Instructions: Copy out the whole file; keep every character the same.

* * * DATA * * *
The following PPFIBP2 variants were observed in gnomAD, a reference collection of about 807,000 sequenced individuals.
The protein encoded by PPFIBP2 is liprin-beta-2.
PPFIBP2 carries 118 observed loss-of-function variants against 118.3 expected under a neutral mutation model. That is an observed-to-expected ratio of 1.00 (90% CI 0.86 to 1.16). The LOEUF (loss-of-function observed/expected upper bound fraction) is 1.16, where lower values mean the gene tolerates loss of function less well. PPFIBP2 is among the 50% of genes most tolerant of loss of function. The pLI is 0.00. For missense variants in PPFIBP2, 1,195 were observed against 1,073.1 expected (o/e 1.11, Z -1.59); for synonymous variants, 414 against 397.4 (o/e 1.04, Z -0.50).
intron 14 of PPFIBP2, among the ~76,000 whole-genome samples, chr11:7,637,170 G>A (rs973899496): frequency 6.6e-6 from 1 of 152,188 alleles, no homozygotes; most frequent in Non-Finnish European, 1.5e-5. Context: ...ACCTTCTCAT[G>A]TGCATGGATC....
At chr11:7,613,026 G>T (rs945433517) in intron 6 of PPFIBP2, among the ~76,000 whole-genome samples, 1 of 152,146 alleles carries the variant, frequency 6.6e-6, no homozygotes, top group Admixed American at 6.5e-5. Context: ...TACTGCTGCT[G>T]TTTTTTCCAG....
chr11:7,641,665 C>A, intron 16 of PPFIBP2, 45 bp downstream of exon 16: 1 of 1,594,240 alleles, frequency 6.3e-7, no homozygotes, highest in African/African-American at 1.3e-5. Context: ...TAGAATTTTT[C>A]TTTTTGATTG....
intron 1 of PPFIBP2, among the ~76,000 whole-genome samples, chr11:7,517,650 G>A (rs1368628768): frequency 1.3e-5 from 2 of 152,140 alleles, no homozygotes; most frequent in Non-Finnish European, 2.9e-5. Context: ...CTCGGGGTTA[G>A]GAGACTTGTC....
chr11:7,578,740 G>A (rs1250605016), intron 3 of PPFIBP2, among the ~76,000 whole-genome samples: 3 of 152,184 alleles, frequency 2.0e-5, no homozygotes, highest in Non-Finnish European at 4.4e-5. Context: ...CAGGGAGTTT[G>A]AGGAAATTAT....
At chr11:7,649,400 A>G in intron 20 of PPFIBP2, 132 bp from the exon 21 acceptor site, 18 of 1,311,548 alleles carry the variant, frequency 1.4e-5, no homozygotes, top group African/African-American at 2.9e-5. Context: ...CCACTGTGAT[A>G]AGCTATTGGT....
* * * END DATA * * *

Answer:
The following PPFIBP2 variants were observed in gnomAD, a reference collection of about 807,000 sequenced individuals.
The protein encoded by PPFIBP2 is liprin-beta-2.
PPFIBP2 carries 118 observed loss-of-function variants against 118.3 expected under a neutral mutation model. That is an observed-to-expected ratio of 1.00 (90% CI 0.86 to 1.16). The LOEUF (loss-of-function observed/expected upper bound fraction) is 1.16, where lower values mean the gene tolerates loss of function less well. PPFIBP2 is among the 50% of genes most tolerant of loss of function. The pLI is 0.00. For missense variants in PPFIBP2, 1,195 were observed against 1,073.1 expected (o/e 1.11, Z -1.59); for synonymous variants, 414 against 397.4 (o/e 1.04, Z -0.50).
intron 14 of PPFIBP2, among the ~76,000 whole-genome samples, chr11:7,637,170 G>A (rs973899496): frequency 6.6e-6 from 1 of 152,188 alleles, no homozygotes; most frequent in Non-Finnish European, 1.5e-5. Context: ...ACCTTCTCAT[G>A]TGCATGGATC....
At chr11:7,613,026 G>T (rs945433517) in intron 6 of PPFIBP2, among the ~76,000 whole-genome samples, 1 of 152,146 alleles carries the variant, frequency 6.6e-6, no homozygotes, top group Admixed American at 6.5e-5. Context: ...TACTGCTGCT[G>T]TTTTTTCCAG....
chr11:7,641,665 C>A, intron 16 of PPFIBP2, 45 bp downstream of exon 16: 1 of 1,594,240 alleles, frequency 6.3e-7, no homozygotes, highest in African/African-American at 1.3e-5. Context: ...TAGAATTTTT[C>A]TTTTTGATTG....
intron 1 of PPFIBP2, among the ~76,000 whole-genome samples, chr11:7,517,650 G>A (rs1368628768): frequency 1.3e-5 from 2 of 152,140 alleles, no homozygotes; most frequent in Non-Finnish European, 2.9e-5. Context: ...CTCGGGGTTA[G>A]GAGACTTGTC....
chr11:7,578,740 G>A (rs1250605016), intron 3 of PPFIBP2, among the ~76,000 whole-genome samples: 3 of 152,184 alleles, frequency 2.0e-5, no homozygotes, highest in Non-Finnish European at 4.4e-5. Context: ...CAGGGAGTTT[G>A]AGGAAATTAT....
At chr11:7,649,400 A>G in intron 20 of PPFIBP2, 132 bp from the exon 21 acceptor site, 18 of 1,311,548 alleles carry the variant, frequency 1.4e-5, no homozygotes, top group African/African-American at 2.9e-5. Context: ...CCACTGTGAT[A>G]AGCTATTGGT....